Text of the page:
Driving Home the Faith - Show Notes

Thursday, 3/21/19, Driving Home the Faith

March 21, 2019

Benj Klare will present part 6 of his series on pornography: The role of shame and guilt in finding healing

Rachel Fulton Brown...Read more

Wednesday, 3/13/19, Driving Home the Faith

March 13, 2019

Dr. Peter Kreeft will discuss his newest book, "Symbol or Substance: A Dialogue on the Eucharist"

Author Paul Thigpen will introduce his daily...Read more

Tuesday, 3/12/15

March 12, 2019

Author Leila Miller will discuss how to talk to children and teens about modesty.

Comedian Jeremy McLellan will talk about Caholicism and comedy....Read more

Monday, 3/11/19, Driving Home the Faith

March 11, 2019

Gary Zimak will talk about his new book, “Give Up Worrying for Lent Attorney Ken Craycraft will explain what makes a good case to...Read more

Show Notes for Thursday, 3/7/2019

March 7, 2019
Good morning! On today’s show, Matt Swaim and Anna Mitchell welcome pastoral counselor Kevin Prendergast to discuss tips for battling the deadly sin of...Read more
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Saints Jacinta and Francisco Marto

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Between May 13 and October 13, 1917, three Portuguese shepherd children from Aljustrel, received apparitions of Our Lady at Cova da Iria, near Fátima, a city 110 miles north of Lisbon. At that time, Europe was involved in an extremely bloody war. Portugal itself was in political turmoil, having overthrown its monarchy in 1910; the government disbanded religious organizations soon after.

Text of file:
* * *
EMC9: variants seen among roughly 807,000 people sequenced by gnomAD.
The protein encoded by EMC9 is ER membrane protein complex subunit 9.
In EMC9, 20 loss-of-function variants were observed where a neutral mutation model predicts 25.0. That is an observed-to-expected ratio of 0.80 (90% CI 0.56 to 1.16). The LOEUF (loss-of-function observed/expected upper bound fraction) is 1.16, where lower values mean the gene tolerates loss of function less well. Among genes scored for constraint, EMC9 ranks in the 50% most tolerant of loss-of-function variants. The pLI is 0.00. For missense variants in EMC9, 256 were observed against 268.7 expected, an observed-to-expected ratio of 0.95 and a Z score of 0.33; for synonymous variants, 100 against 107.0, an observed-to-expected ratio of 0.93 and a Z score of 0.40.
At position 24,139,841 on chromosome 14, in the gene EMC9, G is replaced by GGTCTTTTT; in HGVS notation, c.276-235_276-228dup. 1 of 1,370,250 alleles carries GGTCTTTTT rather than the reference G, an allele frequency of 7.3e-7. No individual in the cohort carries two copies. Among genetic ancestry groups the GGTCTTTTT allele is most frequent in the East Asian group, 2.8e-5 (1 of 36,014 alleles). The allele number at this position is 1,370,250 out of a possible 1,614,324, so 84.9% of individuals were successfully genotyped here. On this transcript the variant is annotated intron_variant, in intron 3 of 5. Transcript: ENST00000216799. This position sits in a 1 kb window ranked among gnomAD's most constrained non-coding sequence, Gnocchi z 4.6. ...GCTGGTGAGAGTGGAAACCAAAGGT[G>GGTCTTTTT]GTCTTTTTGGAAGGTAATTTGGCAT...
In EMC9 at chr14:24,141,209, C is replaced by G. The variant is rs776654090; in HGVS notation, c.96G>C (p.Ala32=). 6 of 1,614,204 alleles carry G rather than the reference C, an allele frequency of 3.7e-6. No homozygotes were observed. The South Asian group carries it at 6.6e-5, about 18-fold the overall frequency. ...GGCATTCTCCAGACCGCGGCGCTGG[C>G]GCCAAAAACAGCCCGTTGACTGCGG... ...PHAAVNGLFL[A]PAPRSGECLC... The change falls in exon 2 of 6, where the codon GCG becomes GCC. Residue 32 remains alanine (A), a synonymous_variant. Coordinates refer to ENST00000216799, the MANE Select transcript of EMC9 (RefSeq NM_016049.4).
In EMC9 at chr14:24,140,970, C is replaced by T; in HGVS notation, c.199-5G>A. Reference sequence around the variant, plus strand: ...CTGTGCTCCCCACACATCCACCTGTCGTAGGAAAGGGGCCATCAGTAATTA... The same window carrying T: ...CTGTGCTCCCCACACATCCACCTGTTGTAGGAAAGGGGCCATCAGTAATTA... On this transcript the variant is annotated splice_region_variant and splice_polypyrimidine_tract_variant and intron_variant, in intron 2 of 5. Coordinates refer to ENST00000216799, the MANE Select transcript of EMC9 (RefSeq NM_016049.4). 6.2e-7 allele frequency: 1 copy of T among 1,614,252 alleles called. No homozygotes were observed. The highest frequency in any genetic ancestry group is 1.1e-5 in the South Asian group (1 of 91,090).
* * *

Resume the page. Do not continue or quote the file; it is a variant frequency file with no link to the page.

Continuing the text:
At the first appearance, Mary asked the children to return to that spot on the thirteenth of each month for the next six months. She also asked them to learn to read and write and to pray the rosary “to obtain peace for the world and the end of the war.” They were to pray for sinners and for the conversion of Russia, which had recently overthrown Czar Nicholas II and was soon to fall under communism. Up to 90,000 people gathered for Mary’s final apparition on October 13, 1917.

Less than two years later, Francisco died of influenza in his family home. He was buried in the parish cemetery and then re-buried in the Fátima basilica in 1952. Jacinta died of influenza in Lisbon in 1920, offering her suffering for the conversion of sinners, peace in the world, and the Holy Father. She was re-buried in the Fátima basilica in 1951. Their cousin Lúcia dos Santos, became a Carmelite nun and was still living when Jacinta and Francisco were beatified in 2000; she died five years later. Pope Francis canonized the younger children on his visit to Fátima to commemorate the 100th anniversary of the first apparition–May 13, 2017. The shrine of Our Lady of Fátima is visited by up to 20 million people a year.

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